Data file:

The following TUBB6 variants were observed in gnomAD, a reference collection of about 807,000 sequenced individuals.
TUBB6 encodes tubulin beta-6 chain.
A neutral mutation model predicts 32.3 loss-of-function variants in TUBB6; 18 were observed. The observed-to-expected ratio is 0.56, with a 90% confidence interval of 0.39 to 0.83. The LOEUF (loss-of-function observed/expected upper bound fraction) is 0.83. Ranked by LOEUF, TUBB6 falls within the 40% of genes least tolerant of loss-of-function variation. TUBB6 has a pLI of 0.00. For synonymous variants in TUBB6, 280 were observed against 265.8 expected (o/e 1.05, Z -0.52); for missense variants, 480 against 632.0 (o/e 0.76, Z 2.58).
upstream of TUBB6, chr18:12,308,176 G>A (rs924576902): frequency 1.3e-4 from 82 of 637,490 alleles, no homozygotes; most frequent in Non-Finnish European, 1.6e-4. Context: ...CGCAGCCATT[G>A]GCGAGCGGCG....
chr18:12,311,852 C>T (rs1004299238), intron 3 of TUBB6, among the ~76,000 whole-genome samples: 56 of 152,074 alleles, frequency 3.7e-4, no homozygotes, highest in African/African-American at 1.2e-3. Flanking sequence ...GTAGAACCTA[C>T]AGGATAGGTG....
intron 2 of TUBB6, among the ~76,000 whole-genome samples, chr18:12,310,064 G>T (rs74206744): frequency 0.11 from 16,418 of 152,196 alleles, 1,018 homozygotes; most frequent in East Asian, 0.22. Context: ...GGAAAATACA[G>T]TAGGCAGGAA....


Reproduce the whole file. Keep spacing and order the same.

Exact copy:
The following TUBB6 variants were observed in gnomAD, a reference collection of about 807,000 sequenced individuals.
TUBB6 encodes tubulin beta-6 chain.
A neutral mutation model predicts 32.3 loss-of-function variants in TUBB6; 18 were observed. The observed-to-expected ratio is 0.56, with a 90% confidence interval of 0.39 to 0.83. The LOEUF (loss-of-function observed/expected upper bound fraction) is 0.83. Ranked by LOEUF, TUBB6 falls within the 40% of genes least tolerant of loss-of-function variation. TUBB6 has a pLI of 0.00. For synonymous variants in TUBB6, 280 were observed against 265.8 expected (o/e 1.05, Z -0.52); for missense variants, 480 against 632.0 (o/e 0.76, Z 2.58).
upstream of TUBB6, chr18:12,308,176 G>A (rs924576902): frequency 1.3e-4 from 82 of 637,490 alleles, no homozygotes; most frequent in Non-Finnish European, 1.6e-4. Context: ...CGCAGCCATT[G>A]GCGAGCGGCG....
chr18:12,311,852 C>T (rs1004299238), intron 3 of TUBB6, among the ~76,000 whole-genome samples: 56 of 152,074 alleles, frequency 3.7e-4, no homozygotes, highest in African/African-American at 1.2e-3. Flanking sequence ...GTAGAACCTA[C>T]AGGATAGGTG....
intron 2 of TUBB6, among the ~76,000 whole-genome samples, chr18:12,310,064 G>T (rs74206744): frequency 0.11 from 16,418 of 152,196 alleles, 1,018 homozygotes; most frequent in East Asian, 0.22. Context: ...GGAAAATACA[G>T]TAGGCAGGAA....